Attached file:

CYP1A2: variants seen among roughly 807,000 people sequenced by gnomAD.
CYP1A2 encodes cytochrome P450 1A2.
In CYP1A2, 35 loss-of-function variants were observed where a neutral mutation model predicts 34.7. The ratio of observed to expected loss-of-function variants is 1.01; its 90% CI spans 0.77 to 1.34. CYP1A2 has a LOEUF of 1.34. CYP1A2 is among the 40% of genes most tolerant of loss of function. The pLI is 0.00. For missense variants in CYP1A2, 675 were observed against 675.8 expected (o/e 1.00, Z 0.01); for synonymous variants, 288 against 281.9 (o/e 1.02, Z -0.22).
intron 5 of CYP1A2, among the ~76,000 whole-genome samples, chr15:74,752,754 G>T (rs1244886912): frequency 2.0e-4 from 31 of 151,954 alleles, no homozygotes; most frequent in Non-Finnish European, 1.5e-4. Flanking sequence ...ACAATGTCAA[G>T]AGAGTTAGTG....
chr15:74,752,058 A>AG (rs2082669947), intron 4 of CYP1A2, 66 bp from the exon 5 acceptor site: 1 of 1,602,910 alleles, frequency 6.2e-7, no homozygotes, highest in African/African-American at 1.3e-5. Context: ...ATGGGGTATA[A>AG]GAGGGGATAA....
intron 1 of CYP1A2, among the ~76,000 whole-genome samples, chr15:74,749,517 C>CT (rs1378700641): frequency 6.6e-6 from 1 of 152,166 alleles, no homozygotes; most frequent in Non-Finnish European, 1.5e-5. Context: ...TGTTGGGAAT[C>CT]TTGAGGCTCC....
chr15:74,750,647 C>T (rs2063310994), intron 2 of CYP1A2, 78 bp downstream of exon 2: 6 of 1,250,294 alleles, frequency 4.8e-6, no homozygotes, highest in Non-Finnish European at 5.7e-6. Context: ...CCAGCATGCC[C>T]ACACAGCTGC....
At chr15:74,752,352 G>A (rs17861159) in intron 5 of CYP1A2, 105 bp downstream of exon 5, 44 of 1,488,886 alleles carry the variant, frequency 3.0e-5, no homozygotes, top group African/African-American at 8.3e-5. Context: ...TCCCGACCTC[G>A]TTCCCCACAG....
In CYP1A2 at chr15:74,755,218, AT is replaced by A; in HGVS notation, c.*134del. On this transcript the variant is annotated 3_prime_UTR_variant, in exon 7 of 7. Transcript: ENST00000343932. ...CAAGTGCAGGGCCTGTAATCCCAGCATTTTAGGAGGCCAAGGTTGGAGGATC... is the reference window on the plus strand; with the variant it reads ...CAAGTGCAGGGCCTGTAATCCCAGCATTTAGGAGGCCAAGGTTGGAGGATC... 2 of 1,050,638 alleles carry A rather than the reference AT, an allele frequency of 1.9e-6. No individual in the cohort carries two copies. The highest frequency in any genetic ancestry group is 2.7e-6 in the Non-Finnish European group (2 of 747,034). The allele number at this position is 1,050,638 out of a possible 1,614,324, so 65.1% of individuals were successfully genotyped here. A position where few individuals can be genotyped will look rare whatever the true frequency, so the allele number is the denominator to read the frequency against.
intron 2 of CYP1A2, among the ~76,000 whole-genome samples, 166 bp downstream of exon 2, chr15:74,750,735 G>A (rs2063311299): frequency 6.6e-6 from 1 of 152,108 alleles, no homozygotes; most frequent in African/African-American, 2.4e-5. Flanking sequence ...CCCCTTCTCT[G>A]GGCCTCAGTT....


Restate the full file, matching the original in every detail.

CYP1A2: variants seen among roughly 807,000 people sequenced by gnomAD.
CYP1A2 encodes cytochrome P450 1A2.
In CYP1A2, 35 loss-of-function variants were observed where a neutral mutation model predicts 34.7. The ratio of observed to expected loss-of-function variants is 1.01; its 90% CI spans 0.77 to 1.34. CYP1A2 has a LOEUF of 1.34. CYP1A2 is among the 40% of genes most tolerant of loss of function. The pLI is 0.00. For missense variants in CYP1A2, 675 were observed against 675.8 expected (o/e 1.00, Z 0.01); for synonymous variants, 288 against 281.9 (o/e 1.02, Z -0.22).
intron 5 of CYP1A2, among the ~76,000 whole-genome samples, chr15:74,752,754 G>T (rs1244886912): frequency 2.0e-4 from 31 of 151,954 alleles, no homozygotes; most frequent in Non-Finnish European, 1.5e-4. Flanking sequence ...ACAATGTCAA[G>T]AGAGTTAGTG....
chr15:74,752,058 A>AG (rs2082669947), intron 4 of CYP1A2, 66 bp from the exon 5 acceptor site: 1 of 1,602,910 alleles, frequency 6.2e-7, no homozygotes, highest in African/African-American at 1.3e-5. Context: ...ATGGGGTATA[A>AG]GAGGGGATAA....
intron 1 of CYP1A2, among the ~76,000 whole-genome samples, chr15:74,749,517 C>CT (rs1378700641): frequency 6.6e-6 from 1 of 152,166 alleles, no homozygotes; most frequent in Non-Finnish European, 1.5e-5. Context: ...TGTTGGGAAT[C>CT]TTGAGGCTCC....
chr15:74,750,647 C>T (rs2063310994), intron 2 of CYP1A2, 78 bp downstream of exon 2: 6 of 1,250,294 alleles, frequency 4.8e-6, no homozygotes, highest in Non-Finnish European at 5.7e-6. Context: ...CCAGCATGCC[C>T]ACACAGCTGC....
At chr15:74,752,352 G>A (rs17861159) in intron 5 of CYP1A2, 105 bp downstream of exon 5, 44 of 1,488,886 alleles carry the variant, frequency 3.0e-5, no homozygotes, top group African/African-American at 8.3e-5. Context: ...TCCCGACCTC[G>A]TTCCCCACAG....
In CYP1A2 at chr15:74,755,218, AT is replaced by A; in HGVS notation, c.*134del. On this transcript the variant is annotated 3_prime_UTR_variant, in exon 7 of 7. Transcript: ENST00000343932. ...CAAGTGCAGGGCCTGTAATCCCAGCATTTTAGGAGGCCAAGGTTGGAGGATC... is the reference window on the plus strand; with the variant it reads ...CAAGTGCAGGGCCTGTAATCCCAGCATTTAGGAGGCCAAGGTTGGAGGATC... 2 of 1,050,638 alleles carry A rather than the reference AT, an allele frequency of 1.9e-6. No individual in the cohort carries two copies. The highest frequency in any genetic ancestry group is 2.7e-6 in the Non-Finnish European group (2 of 747,034). The allele number at this position is 1,050,638 out of a possible 1,614,324, so 65.1% of individuals were successfully genotyped here. A position where few individuals can be genotyped will look rare whatever the true frequency, so the allele number is the denominator to read the frequency against.
intron 2 of CYP1A2, among the ~76,000 whole-genome samples, 166 bp downstream of exon 2, chr15:74,750,735 G>A (rs2063311299): frequency 6.6e-6 from 1 of 152,108 alleles, no homozygotes; most frequent in African/African-American, 2.4e-5. Flanking sequence ...CCCCTTCTCT[G>A]GGCCTCAGTT....